The highly addictive HBO series The Leftovers will end soon and it will be missed. Based on a rapture-like event, in which 2% of the world’s population literally vanishes into thin air without a trace, I immediately connected with the real-life ramifications portrayed in the show. Although I initially saw it as a metaphor for 9/11, its universal themes of anger and reconciliation, survivor’s guilt and faith captured the internal struggle and public face we all put on when confronted with the tragic loss of family, friends and co-workers.
Sure, it’s easy to distinguish the premeditated rapture of hijackers flying their planes into the World Trade Center from the fictional account of millions departing without cause. But the firefighters who swapped tours with co-workers killed in the collapse, the fire officers who ordered subordinates into the buildings only to see them buried alive, the police officers who fortuitously survived because they were ordered out of the buildings and the families who lost loved ones without saying goodbye will likely miss the distinction.
So with Memorial Day fast encroaching, the question arises as to the best way to commemorate those who have left us. How do we turn the ultimate sacrifice of veterans and their absence from our lives as an affirmation of life? Can we the people of heart and conscience ever find closure when our different narratives are drowned out by mindless violence and political grandstanding? Will the blood of innocents ever run dry?
Profound Epiphanies, As Seen on TV
Tellingly, The Leftovers asks these questions and more for which there are no easy answers. Rather, the problematic receives the spotlight in a way that continually reframes questions within the recursions and epiphanies of key characters. For example, one of the most powerful episodes shows the transformation of Matt, the a reverend who at an early age saw himself ordained as an agent of God after miraculously overcoming a terminal illness. Throughout most of the series, he seems to revel in telling people uncomfortable truths as he sees it, particularly about departed loved ones who were undeserving of paradise.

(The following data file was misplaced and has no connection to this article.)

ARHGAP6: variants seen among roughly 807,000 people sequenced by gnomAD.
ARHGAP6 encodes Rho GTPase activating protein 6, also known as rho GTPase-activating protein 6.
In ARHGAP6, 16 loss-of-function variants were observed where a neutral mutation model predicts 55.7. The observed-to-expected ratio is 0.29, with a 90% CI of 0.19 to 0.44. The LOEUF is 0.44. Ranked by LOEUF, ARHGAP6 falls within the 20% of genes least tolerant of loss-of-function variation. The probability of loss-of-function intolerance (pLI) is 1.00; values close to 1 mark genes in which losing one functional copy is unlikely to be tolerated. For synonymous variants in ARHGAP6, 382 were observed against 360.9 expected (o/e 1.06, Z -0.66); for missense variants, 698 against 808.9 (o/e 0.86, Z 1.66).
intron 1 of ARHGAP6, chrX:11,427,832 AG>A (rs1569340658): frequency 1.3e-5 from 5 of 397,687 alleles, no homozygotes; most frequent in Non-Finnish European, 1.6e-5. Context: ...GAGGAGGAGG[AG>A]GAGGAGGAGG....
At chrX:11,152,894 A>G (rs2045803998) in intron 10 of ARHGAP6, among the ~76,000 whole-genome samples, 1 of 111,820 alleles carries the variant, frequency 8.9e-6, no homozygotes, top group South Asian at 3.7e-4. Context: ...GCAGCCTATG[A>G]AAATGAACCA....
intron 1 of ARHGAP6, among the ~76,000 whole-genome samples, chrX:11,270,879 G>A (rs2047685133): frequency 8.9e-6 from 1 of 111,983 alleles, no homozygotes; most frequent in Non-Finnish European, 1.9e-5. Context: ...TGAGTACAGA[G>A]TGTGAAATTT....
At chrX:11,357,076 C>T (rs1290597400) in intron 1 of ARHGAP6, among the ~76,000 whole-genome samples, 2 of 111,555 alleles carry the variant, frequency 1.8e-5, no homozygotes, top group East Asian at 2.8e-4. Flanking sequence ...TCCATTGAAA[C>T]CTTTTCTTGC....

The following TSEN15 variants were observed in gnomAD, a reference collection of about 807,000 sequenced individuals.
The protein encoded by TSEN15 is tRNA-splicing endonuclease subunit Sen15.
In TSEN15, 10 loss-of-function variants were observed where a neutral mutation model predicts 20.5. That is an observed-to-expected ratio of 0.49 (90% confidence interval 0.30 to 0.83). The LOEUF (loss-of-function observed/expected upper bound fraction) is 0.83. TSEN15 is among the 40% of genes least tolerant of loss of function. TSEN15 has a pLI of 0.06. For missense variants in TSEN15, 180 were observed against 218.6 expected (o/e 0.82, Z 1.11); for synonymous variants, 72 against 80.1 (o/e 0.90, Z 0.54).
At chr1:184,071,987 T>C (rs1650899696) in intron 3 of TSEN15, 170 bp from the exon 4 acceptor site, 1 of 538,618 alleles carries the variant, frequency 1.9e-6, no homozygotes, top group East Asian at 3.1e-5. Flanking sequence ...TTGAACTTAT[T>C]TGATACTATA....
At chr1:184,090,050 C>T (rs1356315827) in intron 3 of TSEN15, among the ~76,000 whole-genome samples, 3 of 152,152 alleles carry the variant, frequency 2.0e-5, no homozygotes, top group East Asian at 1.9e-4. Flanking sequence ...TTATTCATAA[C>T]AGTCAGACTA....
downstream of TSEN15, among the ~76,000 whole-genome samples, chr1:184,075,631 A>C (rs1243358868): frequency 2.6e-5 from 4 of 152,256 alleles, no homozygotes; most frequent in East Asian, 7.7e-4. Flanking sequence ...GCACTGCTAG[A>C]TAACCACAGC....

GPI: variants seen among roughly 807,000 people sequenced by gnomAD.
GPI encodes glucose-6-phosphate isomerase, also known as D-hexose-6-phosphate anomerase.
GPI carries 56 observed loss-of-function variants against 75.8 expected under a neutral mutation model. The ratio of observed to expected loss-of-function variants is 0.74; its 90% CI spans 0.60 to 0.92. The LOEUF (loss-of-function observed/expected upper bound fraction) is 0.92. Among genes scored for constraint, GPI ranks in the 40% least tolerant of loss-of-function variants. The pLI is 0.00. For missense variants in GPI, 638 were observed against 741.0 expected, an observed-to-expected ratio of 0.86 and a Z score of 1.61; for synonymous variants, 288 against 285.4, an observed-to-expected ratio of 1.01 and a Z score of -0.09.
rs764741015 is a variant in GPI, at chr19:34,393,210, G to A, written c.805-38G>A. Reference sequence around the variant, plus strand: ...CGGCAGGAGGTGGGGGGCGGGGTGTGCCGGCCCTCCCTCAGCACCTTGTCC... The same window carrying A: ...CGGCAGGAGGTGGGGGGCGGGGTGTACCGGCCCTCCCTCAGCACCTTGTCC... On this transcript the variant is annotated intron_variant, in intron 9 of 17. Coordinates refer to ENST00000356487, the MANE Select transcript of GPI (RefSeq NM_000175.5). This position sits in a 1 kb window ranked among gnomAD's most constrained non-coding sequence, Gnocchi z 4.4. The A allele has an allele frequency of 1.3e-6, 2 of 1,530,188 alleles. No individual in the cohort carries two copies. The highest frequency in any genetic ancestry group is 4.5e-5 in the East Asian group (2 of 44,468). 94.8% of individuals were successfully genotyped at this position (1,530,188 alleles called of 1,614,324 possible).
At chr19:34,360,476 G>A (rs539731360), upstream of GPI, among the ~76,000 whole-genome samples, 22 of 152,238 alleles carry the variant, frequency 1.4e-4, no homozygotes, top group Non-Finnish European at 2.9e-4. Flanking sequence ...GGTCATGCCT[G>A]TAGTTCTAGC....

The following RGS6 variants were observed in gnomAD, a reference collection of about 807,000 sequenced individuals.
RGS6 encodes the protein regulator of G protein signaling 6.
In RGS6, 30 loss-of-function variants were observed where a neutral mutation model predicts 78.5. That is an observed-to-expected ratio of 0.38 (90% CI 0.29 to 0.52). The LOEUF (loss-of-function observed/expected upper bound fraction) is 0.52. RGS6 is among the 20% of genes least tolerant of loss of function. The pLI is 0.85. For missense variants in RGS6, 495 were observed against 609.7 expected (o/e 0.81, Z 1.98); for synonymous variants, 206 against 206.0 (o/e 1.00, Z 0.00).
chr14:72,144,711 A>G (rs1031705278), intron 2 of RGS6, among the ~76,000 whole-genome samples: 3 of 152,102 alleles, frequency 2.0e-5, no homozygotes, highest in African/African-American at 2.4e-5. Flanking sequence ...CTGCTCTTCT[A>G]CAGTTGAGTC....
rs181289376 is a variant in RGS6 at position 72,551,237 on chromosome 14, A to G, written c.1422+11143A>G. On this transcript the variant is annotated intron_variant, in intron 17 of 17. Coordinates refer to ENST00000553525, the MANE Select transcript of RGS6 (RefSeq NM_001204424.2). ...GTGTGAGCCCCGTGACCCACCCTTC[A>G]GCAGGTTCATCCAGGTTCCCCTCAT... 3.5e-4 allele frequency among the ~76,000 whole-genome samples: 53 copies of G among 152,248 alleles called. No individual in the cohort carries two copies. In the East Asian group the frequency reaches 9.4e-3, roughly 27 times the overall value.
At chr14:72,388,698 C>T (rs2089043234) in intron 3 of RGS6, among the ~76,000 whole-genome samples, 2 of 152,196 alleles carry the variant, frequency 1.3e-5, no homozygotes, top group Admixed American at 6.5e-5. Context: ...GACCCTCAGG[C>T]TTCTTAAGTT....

Matt comes to a profound self-revelation in an encounter with a caricature of himself, however, during a frantic effort to reach the man whom he believes to be the Messiah. Shaken by the return of his illness, Matt waylays a man who proclaimed himself God after he too survived a near-death encounter in which he was left for dead in a mountaineering mishap. Despite seeing him as the charlatan he was, Matt’s lifetime of unrequited sacrifice reaches its flashpoint where he engages his fraudulent interlocutor as though he were God. After a gut-wrenching questioning that culminates with “God” snapping his fingers and saying he is cured, Matt comes to the realization that he has been playing himself. After “God” gets mauled by a lion, Matt comes to accept that his childhood remission has ended, that he will die soon, and that all along he’s been serving a parallax view of himself masquerading as divine agency.
Then there’s the Yin to his Yang, Matt’s estranged sister Nora. Her husband and two children departed from the breakfast table mere seconds after she turned away to clear the dishes. Where did they go? Was it the rapture or a physical epiphenomenon unbeknownst to contemporary science? If she had remained at the table, would she have gone with them or would they have remained? Had she done something wrong for which she was being punished?